Mugabe Joins Chavez and Jesse Jackson
Robert Mugabe joined Hugo Chavez in accusing the US and Great Britain of State Terrorism in the War in Iraq and joined Jesse Jackson in accusing the Bush Administration of racism in the Katrina Disaster response!
Mr Mugabe, whose relations with Britain, Zimbabwe’s former colonial ruler, have been frosty for years, also accused London of “abusing its privilege and acting dishonestly” for raising his government’s slum demolition campaign in the UN Security Council.
“Is it not obvious that Britain, under the regime of Tony Blair, has ceased to respect the charter of the United Nations?” President Mugabe asked.
“Witness its being a principal member of the anti-Iraq illegal coalition that went on a devastating campaign of the country in complete defiance of the United Nations Charter.
“Any state or group of states that commits such an act of aggression on another, justifying it on blatant falsehoods, surely becomes guilty of state terrorism,” he said.
In a dig at the United States, Mr Mugabe said “imperialist countries have remained silent about the shocking circumstances of obvious state neglect surrounding the tragic Gulf (of Mexico) coast disaster.”
“A whole community of mainly non-whites was deliberately abandoned to the ravages of Hurrican Katrina as sacrificial lambs,” he said.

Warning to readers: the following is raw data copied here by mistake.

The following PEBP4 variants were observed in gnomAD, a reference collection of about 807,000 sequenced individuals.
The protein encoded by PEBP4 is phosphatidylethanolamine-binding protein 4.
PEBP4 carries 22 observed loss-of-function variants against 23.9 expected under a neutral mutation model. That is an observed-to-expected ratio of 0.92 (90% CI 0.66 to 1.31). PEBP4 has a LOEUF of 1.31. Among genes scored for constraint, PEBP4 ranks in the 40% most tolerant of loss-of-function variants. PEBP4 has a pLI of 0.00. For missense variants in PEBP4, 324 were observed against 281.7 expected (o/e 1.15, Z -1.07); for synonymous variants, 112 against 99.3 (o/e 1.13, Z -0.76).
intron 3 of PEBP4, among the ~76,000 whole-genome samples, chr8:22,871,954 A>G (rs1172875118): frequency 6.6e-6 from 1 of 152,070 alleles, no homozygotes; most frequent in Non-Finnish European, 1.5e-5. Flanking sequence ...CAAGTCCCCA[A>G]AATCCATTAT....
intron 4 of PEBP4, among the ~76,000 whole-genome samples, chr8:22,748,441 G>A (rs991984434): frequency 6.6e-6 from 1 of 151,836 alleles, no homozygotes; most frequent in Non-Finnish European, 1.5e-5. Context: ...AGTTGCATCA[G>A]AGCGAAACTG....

As Mr Mugabe spoke, only junior diplomats occupied the British and US assembly seats.
Last July, after a two-week fact-finding visit by UN special envoy Anna Tibaijuka, the UN released a scathing report charging that Harare’s shantytown demolition drive had left 700,000 Zimbabweans homeless and destitute and affected a further 2.4 million.
U.S. Assistant Secretary of State for African Affairs Jendayi Frazer said the U.S. Treasury was putting the final touches to an order that would bar Mugabe, his senior officials and their families from visiting the United States.
“We are continuing to try to call attention to the human rights abuses, that the last election was not fair and that there was not a level playing field there,” Frazer, a former U.S. ambassador to South Africa, said on the sidelines of the U.N. General Assembly in New York.